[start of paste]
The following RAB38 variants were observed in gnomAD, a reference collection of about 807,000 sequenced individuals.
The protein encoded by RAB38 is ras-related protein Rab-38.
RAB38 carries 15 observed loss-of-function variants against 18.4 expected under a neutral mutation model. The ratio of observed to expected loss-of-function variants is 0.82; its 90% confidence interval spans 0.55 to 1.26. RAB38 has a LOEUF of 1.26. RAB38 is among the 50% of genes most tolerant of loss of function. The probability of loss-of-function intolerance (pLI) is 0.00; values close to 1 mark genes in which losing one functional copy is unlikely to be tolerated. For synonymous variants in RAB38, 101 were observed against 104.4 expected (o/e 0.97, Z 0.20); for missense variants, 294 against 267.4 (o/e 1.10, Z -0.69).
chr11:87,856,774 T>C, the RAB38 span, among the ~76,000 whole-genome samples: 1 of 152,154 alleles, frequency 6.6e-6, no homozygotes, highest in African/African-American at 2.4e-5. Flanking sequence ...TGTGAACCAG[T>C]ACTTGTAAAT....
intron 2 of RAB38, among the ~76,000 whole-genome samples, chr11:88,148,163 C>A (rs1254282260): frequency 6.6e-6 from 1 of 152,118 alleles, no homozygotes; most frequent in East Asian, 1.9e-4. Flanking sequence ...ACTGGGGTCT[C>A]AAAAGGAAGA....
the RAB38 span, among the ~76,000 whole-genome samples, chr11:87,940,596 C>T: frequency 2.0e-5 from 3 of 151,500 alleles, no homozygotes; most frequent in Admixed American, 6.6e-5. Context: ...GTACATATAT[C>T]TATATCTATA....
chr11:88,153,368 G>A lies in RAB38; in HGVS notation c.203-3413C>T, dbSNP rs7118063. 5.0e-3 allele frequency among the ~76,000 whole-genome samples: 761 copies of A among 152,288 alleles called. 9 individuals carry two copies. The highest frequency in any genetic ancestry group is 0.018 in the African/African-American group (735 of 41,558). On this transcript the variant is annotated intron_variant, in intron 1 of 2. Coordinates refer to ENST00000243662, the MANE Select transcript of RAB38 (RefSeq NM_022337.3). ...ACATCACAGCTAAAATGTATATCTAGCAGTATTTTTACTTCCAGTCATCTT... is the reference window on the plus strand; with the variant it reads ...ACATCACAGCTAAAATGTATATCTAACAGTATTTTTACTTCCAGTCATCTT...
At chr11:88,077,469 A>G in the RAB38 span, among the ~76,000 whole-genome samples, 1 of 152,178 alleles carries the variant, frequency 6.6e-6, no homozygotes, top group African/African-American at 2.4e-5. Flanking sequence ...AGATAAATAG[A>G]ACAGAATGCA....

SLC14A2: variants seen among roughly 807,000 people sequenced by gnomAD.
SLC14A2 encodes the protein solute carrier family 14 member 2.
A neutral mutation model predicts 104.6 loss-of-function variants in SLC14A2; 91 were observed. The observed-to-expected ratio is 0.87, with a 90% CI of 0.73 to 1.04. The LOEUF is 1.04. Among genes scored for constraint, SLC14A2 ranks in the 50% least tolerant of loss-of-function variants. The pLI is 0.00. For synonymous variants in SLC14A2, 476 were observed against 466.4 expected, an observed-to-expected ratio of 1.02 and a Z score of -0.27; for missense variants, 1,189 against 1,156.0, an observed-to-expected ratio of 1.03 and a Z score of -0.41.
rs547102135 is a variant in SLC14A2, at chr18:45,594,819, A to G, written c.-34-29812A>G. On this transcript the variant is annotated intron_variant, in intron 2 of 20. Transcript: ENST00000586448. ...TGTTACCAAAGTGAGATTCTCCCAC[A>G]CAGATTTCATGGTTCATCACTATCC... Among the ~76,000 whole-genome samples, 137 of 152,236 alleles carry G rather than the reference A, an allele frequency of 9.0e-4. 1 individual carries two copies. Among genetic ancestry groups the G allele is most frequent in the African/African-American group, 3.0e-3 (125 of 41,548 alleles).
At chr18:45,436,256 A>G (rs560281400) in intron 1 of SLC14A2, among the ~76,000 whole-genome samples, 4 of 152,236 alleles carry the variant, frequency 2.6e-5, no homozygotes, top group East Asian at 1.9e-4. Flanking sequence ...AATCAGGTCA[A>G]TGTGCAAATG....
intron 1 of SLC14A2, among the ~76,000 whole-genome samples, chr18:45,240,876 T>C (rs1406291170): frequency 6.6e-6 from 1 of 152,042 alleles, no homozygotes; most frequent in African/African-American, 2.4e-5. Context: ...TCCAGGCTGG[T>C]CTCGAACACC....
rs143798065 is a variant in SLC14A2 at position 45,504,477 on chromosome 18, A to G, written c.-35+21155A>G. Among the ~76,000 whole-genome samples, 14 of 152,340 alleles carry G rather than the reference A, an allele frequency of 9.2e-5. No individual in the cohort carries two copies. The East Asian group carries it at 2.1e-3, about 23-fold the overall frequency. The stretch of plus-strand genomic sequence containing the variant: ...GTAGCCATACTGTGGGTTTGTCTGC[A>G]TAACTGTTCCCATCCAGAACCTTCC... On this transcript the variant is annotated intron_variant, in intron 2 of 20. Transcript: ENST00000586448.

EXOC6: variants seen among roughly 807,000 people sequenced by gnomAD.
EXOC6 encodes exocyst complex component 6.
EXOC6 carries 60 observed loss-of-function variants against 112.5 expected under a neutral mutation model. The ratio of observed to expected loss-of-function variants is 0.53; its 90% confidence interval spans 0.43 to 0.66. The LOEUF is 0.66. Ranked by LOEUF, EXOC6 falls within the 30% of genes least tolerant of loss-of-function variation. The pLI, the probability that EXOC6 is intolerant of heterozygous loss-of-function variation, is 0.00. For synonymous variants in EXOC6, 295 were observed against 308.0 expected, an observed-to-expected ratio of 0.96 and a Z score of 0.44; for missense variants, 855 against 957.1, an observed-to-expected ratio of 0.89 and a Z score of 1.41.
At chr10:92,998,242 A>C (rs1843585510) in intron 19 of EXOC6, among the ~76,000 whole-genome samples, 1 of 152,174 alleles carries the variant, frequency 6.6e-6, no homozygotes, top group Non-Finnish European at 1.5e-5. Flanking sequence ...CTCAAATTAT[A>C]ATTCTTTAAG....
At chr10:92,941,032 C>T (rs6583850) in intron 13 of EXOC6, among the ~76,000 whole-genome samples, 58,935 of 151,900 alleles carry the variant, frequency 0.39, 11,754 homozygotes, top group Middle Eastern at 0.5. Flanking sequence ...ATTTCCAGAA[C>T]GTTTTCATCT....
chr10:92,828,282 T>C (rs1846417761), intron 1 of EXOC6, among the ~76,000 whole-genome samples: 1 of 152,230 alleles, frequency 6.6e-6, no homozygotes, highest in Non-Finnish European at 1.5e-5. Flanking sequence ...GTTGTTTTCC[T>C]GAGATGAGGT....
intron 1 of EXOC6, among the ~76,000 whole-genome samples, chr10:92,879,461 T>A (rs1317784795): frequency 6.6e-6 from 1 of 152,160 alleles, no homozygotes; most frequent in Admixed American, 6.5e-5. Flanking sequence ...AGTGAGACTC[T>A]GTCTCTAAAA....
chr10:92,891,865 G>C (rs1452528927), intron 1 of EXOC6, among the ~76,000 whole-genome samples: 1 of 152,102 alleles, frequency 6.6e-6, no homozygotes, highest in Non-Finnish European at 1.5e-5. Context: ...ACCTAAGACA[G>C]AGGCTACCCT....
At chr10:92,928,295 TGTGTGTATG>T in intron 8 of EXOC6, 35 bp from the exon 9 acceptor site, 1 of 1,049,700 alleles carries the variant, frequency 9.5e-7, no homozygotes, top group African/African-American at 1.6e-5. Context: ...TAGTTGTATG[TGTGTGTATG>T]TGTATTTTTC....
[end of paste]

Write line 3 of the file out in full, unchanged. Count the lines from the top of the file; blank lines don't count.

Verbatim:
RAB38 carries 15 observed loss-of-function variants against 18.4 expected under a neutral mutation model. The ratio of observed to expected loss-of-function variants is 0.82; its 90% confidence interval spans 0.55 to 1.26. RAB38 has a LOEUF of 1.26. RAB38 is among the 50% of genes most tolerant of loss of function. The probability of loss-of-function intolerance (pLI) is 0.00; values close to 1 mark genes in which losing one functional copy is unlikely to be tolerated. For synonymous variants in RAB38, 101 were observed against 104.4 expected (o/e 0.97, Z 0.20); for missense variants, 294 against 267.4 (o/e 1.10, Z -0.69).